Rival nations in the Middle East, Iran and Saudi Arabia, have decided to mend their strained diplomatic ties seven years after they were severed.
Qatar has welcomed the decision by Iran and Saudi Arabia to re-establish diplomatic ties, in a China-brokered deal.
After discussions on Friday in Beijing, a deal was reached, marking the end of a seven-year rift and an agreement for the two nations to re-open their embassies within two months.
In a phone call with Saudi Arabia’s Foreign Minister Faisal bin Farhan bin Abdullah Al Saud on Friday, Qatar’s Prime Minister and Foreign Minister Sheikh Mohammed bin Abdulrahman Al Thani welcomed a trilateral statement from Iran, Saudi Arabia and China on resuming diplomatic relations between Tehran and Riyadh.
He said Doha welcomes the activation of the Security Cooperation Agreement, and the general agreement for cooperation in the fields of economy, trade, investment, technology, science, culture, sports and youth, according to Qatar News Agency.
Sheikh Mohammed expressed Qatar’s eagerness at the steps in hopes that they will increase security and stability in the region, meet the expectations of the people in both countries and pose an advantage to the people residing in the region.
Separately, the prime minister held a phone call with Iran’s Foreign Minister Hossein Amir-Abdollahian on Friday, expressing the same sentiments.
Iran and Saudi Arabia restore ties
In footage aired by Iranian media, China’s senior diplomat Wang Yi offered “whole-hearted congratulations” on the two countries’ “wisdom”.
“Both sides have displayed sincerity,” he said. “China fully supports this agreement.”
The joint statement from Iran and Saudi Arabia, which stated that the two countries had agreed to respect state sovereignty and refrain from interfering in one another’s internal affairs, was confirmed by the Saudi Press Agency.
A security cooperation pact inked in 2001 between Tehran and Riyadh has been activated, according to the statement.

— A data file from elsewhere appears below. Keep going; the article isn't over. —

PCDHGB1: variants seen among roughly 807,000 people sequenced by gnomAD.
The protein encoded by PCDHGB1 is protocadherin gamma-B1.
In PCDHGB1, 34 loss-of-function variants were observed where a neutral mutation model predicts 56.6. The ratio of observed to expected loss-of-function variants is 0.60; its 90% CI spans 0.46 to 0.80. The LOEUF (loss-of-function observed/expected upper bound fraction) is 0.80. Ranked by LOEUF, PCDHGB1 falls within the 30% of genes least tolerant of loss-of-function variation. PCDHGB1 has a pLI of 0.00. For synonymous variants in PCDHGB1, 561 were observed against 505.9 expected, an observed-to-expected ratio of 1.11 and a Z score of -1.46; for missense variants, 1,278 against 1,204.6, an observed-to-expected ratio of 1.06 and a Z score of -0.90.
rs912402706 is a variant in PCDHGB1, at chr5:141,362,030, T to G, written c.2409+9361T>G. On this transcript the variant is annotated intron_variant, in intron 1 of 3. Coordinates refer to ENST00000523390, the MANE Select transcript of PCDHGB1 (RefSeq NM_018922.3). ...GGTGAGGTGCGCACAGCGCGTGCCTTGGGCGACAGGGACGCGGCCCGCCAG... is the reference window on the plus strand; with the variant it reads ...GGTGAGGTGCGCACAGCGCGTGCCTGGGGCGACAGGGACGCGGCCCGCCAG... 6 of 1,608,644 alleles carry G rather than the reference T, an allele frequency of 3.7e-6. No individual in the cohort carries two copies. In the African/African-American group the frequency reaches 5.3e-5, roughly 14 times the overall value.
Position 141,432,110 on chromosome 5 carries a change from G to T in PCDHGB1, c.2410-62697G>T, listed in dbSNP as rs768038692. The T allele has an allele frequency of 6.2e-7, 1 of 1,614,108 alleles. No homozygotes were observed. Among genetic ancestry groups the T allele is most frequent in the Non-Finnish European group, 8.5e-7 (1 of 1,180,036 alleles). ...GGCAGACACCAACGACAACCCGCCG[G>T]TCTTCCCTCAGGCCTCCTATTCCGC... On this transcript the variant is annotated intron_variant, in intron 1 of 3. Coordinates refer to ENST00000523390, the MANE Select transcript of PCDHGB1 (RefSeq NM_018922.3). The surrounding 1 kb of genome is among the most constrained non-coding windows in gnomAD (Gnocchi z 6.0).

Tehran, Riyadh and Beijing “expressed their keenness to exert all efforts towards enhancing regional and international peace and security,” the statement read.
Ali Shamkhani, Secretary of Iran’s Supreme National Security Council, called the talks in Beijing “clear, transparent, comprehensive and constructive,” as quoted by Iran’s state-run Islamic Republic News Agency.
“Removing misunderstandings and the future-oriented views in relations between Tehran and Riyadh will definitely lead to improving regional stability and security as well as increasing cooperation among Persian Gulf nations and the world of Islam for managing current challenges,” Shamkhani was quoted saying.
According to Wang Yi, China will continue to play a positive role in resolving hotspot issues.
Iraq and Oman, who had previously assisted in mediating the discussions, as well as many other countries in the region, welcomed the rapprochement on Friday with confidence, while the US welcomed it with caution.
White House National Security Council spokesman John Kirby said the administration supported “any effort to de-escalate tensions in the region,” adding that “it really does remain to be seen if Iran is going to meet their obligations.”
United Nations Secretary-General Antonio Guterres thanked China for brokering the deal.
Guterres is ready to help efforts “to ensure durable peace and security in the Gulf region,” his spokesman said.
The regional rivals have long been at odds with one another.
Riyadh severed ties with Tehran after demonstrators broke into the Saudi diplomatic mission in Iran, in 2016. Days prior to the incident, Saudi Arabia had killed a well-known Shia cleric Nimr Al-Nimr, which led to the protests.
A communication portal between Iran and Saudi Arabia saw four rounds of discussions in 2021 and a fifth in April 2022 take place in a bid to restore diplomatic ties and diffuse tensions, particularly regarding their opposing stances on Yemen.
The cautious establishment of those relations came as the United States gradually forgoes the close-knit relation it enjoyed with Riyadh and Abu Dhabi during the former Trump administration.
China’s mediation is seen as a major development in the region by experts.
“By not taking sides, China has emerged as a player that can resolve disputes rather than merely sell weapons,” Dr. Trita Parsi, Executive Vice President of the US think tank Quincy Institute wrote on Twitter.
“While many in Washington will view China’s emerging role as a mediator in the Middle East as a threat, the reality is that a more stable Middle East where the Iranians and Saudis aren’t at each other’s throats also benefits the United States,” he added.
“Washington should avoid a scenario where regional players view America as an entrenched warmaker and China as a flexible peacemaker.”